Ferroelectric materials are known components that exhibit high electrical polarization. Polarization means the isolation of the negative and positive charges present within a material.
This means that for ferroelectric materials, the “memory” of the material’s previous state, known as hysteresis, can store data in a manner similar to magnetic storage devices such as hard discs.
Hafnium element -based ferroelectric materials show great promise because they appear to be very suitable for silicon computer circuits available today compared to other potential materials.
Previously, it was possible for scientists to obtain ferroelectricity in ultrathin films. Such films can be fragile and difficult to use. Scientists have now reported the first experimental proof of ferroelectricity at room temperature in crystals made of a hafnium-based compound and multiple yttrium doped hafnium dioxide.
Hafnia -based ferroelectric materials seem to have many advantages for computer memory. They provide high stability, lower operating power, speed, and the potential to hold data when power is turned off. But scientists do not fully understand such materials.
This study produced a creative bulk hafnia-based ferroelectric material. The results offer insights into how such materials function and how they are regulated. Also, the findings eliminate the high size limit of materials, thus making such materials easier to use in real-world applications.
The large sample size will help further experiments to better understand the ferroelectric properties of the material. In return, it will help scientists create next-generation non-volatile memory devices.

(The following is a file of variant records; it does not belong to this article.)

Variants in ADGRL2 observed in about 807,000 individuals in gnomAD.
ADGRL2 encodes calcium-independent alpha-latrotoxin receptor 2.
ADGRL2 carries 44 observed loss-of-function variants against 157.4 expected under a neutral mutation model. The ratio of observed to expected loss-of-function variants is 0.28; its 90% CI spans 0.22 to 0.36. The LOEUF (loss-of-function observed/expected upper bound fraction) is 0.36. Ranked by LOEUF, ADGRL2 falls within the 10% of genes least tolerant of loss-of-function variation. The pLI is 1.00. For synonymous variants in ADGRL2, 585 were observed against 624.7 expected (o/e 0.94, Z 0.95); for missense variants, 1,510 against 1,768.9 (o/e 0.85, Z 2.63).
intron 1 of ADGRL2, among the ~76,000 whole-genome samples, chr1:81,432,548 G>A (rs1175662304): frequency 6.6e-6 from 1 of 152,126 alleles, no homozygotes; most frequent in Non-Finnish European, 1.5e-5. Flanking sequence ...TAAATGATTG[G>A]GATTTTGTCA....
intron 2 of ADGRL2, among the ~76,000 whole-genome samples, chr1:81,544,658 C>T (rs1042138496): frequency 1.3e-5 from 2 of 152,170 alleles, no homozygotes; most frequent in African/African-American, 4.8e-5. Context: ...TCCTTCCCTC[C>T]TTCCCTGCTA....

In 1965, Intel co-founder Gordon Moore explained that the number of transistors on a computer chip would double every two years, a prediction called Moore’s Law. Chip manufacturers have since been able to maintain this rate of miniaturization but are likely to encounter increasing difficulties as a result of the laws of physics.
Hafnia-based ferroelectric materials could help further miniaturize non-volatile memory devices. However, scientists have not been able to produce many forms of the material.
In this study, the new bulk ferroelectric yttrium doped hafnium dioxide developed could allow such an advancement, thus resulting in increased use of hafnia in computer chips and an extension of Moore’s Law.
A research team led by Rutgers University performed neutron powder diffraction measurements on yttrium doped hafnium dioxide with the help of POWGEN, a general-purpose powder diffractometer instrument at the Spallation Neutron Source, a Department of Energy (DOE) user facility at Oak Ridge National Laboratory (ORNL).
POWGEN is known as a high-resolution neutron powder diffractometer that allows the magnetic, crystalline, and local structures of novel polycrystalline materials to be defined. The research team synthesized a crystal of yttrium doped hafnium dioxide with multiple levels of yttrium doping and further ground it into powder for characterization.
POWGEN data show that at some levels of doping, most phases are stable and the oxygen atoms act to allow reverse polarization. Therefore, it confirms the ferroelectricity of the hafnia at room temperature.
Other measurements, such as polarization-electric field hysteresis loops and computational simulations, aid structural analysis, and constitute an important step towards hafnia-based technologies of the future.
The study was financially supported by the Center for Quantum Materials Synthesis funded by the EPiQS initiative of the Gordon and Betty Moore Foundation, Rutgers University, Office of Naval Research, and Department of Defense. Neutron characterization was performed using Spallation Neutron Source, a DOE Office of Science user facility at ORNL.
Xianghan, X., and so on. (2022) Kinetically stabilized ferroelectricity of mostly single-crystalline HfO2: Y. Natural Materials. doi.org/10.1038/s41563-020-00897-x